***Sen. Brown is encouraging students to visit studentaid.gov/ITT to learn more or call 1-888-4-FEDAID to speak to an expert. Brown also noted Ohioans can contact his office online or by phone for assistance navigating the process.***
WASHINGTON, D.C. – U.S. Sen. Sherrod Brown (D-OH) is reaching out to offer help to thousands of ITT Tech students across Ohio following the for-profit school’s decision to close its doors. ITT has approximately 3,000 Ohio students at nine Ohio campuses: Akron, Columbus, Dayton, Hilliard, Maumee, Norwood, Strongsville, Warrensville Heights, and Youngstown.
For the past several years, ITT’s questionable decisions and predatory practices have put its students and millions of taxpayer dollars at risk. As a result, the Department of Education (ED) moved last month to ban ITT from taking taxpayer-funded federal student aid dollars. After years of financial mismanagement, ITT announced plans to close its doors this week.
“ITT’s unfair and often fraudulent practices have left hundreds of thousands of students with worthless degrees or credits, limited job prospects, and tens of thousands of dollars in loan debt,” said Brown. “By taking action to hold ITT accountable, the Department of Education sent a clear signal that ripping off students and taxpayers will not be tolerated – no matter how big the school or how many lobbyists it employs. Putting an end to ITT’s unacceptable behavior was the right thing to do. At the same time, we have a responsibility to assist ITT’s current students who have done nothing wrong. We know ITT’s actions will cause stress and confusion for many ITT students, and we want Ohioans to know we are here to help.”
Last month, ED moved to end ITT’s misuse of federal student aid by banning the company from enrolling new students who were using federal loans to pay for their education. The company was facing lawsuits from both the U.S. Securities and Exchange Commission (SEC) and Consumer Financial Protection Bureau (CFPB) for its misleading and deceptive practices, and was being investigated by multiple state attorneys general.
Brown was joined by Ted Mitchell, the Under Secretary of the U.S. Department of Education (ED) who helped outline steps ITT students can pursue.
"We know that at this period in the life of our democracy and in our economy, postsecondary education is more important than ever before and we want to ensure that every single student who had been enrolled in ITT gets the support and the encouragement they need to stay on track to achieve a postsecondary credential," said Mitchell.
Students have two immediate options:
- Students currently enrolled at ITT may be eligible to have federal student loans discharged. This is available to current students and students who’ve been enrolled at ITT in the past 120 days.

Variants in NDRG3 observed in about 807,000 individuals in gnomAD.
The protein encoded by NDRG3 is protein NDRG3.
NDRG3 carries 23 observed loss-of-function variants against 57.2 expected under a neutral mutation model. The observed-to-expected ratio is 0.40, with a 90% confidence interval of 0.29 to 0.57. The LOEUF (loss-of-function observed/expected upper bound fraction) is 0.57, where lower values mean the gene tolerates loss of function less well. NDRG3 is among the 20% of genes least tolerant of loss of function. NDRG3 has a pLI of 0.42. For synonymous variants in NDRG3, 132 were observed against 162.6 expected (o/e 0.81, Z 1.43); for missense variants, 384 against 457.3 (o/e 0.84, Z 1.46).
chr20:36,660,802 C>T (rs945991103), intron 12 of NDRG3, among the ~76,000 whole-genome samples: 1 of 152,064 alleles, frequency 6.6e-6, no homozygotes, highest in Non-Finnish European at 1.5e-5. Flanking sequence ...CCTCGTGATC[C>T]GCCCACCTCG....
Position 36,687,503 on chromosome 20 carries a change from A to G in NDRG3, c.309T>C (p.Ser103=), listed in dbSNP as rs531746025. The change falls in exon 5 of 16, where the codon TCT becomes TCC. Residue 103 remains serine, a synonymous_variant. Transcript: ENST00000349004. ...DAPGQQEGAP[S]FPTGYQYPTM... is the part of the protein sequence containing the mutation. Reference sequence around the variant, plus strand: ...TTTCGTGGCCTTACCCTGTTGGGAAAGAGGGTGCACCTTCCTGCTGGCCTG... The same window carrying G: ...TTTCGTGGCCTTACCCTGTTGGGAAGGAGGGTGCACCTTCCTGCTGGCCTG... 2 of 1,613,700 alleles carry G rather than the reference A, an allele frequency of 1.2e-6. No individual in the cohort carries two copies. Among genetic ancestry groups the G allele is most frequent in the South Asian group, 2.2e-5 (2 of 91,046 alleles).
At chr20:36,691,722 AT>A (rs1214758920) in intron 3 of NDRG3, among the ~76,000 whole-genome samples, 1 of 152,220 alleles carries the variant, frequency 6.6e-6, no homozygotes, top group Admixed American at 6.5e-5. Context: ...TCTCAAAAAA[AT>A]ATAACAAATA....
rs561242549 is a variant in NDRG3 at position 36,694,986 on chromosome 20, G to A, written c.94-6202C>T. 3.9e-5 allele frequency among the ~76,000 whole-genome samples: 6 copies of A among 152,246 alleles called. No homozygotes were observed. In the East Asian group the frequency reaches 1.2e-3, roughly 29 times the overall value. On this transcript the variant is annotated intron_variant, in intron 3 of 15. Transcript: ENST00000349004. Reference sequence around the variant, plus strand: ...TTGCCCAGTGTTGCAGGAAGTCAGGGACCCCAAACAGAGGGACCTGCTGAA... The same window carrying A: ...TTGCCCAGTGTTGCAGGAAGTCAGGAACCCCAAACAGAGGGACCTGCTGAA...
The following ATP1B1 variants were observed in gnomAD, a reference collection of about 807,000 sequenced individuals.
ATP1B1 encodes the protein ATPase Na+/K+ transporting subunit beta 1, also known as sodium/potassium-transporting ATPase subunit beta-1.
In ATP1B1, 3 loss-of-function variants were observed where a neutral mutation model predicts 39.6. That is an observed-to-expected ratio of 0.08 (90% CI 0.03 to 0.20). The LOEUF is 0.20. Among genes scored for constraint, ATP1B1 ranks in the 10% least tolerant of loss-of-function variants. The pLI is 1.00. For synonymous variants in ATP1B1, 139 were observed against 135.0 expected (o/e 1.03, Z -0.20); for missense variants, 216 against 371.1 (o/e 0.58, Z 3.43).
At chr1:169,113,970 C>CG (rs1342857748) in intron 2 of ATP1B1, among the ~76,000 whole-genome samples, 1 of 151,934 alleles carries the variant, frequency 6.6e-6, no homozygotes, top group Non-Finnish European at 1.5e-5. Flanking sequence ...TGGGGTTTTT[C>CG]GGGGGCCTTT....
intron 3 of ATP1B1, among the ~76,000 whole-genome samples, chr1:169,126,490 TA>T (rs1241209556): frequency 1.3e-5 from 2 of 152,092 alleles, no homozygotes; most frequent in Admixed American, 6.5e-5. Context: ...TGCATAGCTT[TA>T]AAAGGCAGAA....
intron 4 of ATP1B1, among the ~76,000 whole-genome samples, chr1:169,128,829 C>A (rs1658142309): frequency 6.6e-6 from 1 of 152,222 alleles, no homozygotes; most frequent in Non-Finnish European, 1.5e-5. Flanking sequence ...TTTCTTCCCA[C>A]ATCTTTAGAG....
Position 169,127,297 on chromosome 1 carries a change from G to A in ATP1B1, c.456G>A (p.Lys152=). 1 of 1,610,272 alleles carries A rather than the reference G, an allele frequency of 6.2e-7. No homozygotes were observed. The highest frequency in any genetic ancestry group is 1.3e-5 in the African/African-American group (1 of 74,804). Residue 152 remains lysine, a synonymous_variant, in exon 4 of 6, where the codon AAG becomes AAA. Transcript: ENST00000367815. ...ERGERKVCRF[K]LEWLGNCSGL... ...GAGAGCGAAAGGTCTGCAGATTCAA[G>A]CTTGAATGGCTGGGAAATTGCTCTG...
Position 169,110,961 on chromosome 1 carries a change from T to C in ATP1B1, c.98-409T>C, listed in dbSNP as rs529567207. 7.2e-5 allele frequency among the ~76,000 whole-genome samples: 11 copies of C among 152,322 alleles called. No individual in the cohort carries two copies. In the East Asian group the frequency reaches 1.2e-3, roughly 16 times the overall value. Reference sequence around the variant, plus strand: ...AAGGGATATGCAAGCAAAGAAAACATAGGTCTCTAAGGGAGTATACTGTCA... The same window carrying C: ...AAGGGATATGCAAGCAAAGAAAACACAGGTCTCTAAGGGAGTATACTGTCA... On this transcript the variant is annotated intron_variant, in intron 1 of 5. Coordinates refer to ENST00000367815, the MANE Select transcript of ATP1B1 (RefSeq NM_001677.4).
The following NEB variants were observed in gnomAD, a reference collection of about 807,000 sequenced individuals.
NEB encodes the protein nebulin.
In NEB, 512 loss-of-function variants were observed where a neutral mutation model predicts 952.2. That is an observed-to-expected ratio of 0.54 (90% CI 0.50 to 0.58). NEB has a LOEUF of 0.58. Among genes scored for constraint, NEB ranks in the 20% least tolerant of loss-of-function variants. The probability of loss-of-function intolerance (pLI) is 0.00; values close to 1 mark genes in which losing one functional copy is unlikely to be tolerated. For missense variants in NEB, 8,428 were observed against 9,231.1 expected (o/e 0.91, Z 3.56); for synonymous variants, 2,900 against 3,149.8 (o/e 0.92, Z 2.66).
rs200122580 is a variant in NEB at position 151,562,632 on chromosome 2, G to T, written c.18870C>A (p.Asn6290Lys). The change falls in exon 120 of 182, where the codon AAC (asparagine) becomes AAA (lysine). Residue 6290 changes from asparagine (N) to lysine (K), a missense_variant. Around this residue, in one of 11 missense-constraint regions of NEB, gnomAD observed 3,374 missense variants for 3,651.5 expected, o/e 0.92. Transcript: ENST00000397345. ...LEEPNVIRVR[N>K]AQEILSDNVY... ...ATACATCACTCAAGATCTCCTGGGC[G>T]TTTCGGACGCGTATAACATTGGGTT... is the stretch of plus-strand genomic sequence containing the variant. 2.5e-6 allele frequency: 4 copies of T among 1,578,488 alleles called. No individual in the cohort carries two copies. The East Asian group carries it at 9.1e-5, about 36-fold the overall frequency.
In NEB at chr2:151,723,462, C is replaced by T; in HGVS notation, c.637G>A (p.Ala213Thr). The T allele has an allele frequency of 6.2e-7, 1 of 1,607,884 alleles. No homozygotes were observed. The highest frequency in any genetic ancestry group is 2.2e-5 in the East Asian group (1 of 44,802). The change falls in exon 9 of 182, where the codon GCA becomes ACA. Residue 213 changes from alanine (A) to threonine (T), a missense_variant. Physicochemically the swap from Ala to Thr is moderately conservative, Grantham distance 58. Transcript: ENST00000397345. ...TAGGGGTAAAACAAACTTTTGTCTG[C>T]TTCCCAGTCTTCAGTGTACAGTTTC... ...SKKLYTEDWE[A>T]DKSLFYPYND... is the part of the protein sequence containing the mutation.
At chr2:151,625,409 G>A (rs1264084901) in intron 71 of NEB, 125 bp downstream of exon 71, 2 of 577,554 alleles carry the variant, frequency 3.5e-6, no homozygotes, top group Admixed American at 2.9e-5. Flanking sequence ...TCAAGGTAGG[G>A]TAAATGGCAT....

- Students wishing to complete their program at a different school may be able to transfer credits. This would limit loan discharge options for students.
Since every student’s case will be different, Brown is encouraging students to visit studentaid.gov/ITT to learn more or call 1-888-4-FEDAID to speak to an expert. Brown also noted Ohioans can contact his office online or by phone for assistance navigating the process.
Students will also have the opportunity to take advantage of borrower defense to repayment, which gives students financial relief if they took out loans to attend a school that committed fraud, misrepresented its services, or violated state law related to the educational services they paid for. ED is currently finalizing the rule which will lay out the exact process for how this repayment will work and Brown has urged them to issue a rule that will help students get relief efficiently. Brown is also the cosponsor of the Department of Veterans Affairs Education Relief and Restoration Act of 2015, which would restore the G.I. benefits of veterans who lost credit or training time because their educational institution permanently closed.
Brown continues to work to protect students from predatory practices. In July 2015, Brown called on ED to take a proactive role in protecting students attending for-profit colleges. In a letter to then ED Secretary Arne Duncan, Brown urged the Department to develop a more effective strategy for dealing with the bad actors in the for-profit education industry and minimizing the potential harm to taxpayers. In his letter, Brown noted that ITT, along with several other for-profit education companies, is also experiencing financial struggles and is subject to state and federal investigations.
Brown joined a letter to the VA in June 2015, asking it to investigate ITT Tech and take action to protect veterans attending the school. ITT Tech was the third largest recipient of Post-9/11 GI Bill benefits in 2012-13 despite scrutiny by various state and federal agencies for misconduct surrounding marketing and recruiting practices, job placement rates, and other misleading and deceptive practices. Brown also called on the U.S. Department of Veterans Affairs (VA) to include a “risk index” in the GI Bill Comparison Tool, an online application that would highlight bad actors in the for-profit industry and give veterans the resources needed to make informed decisions about their education.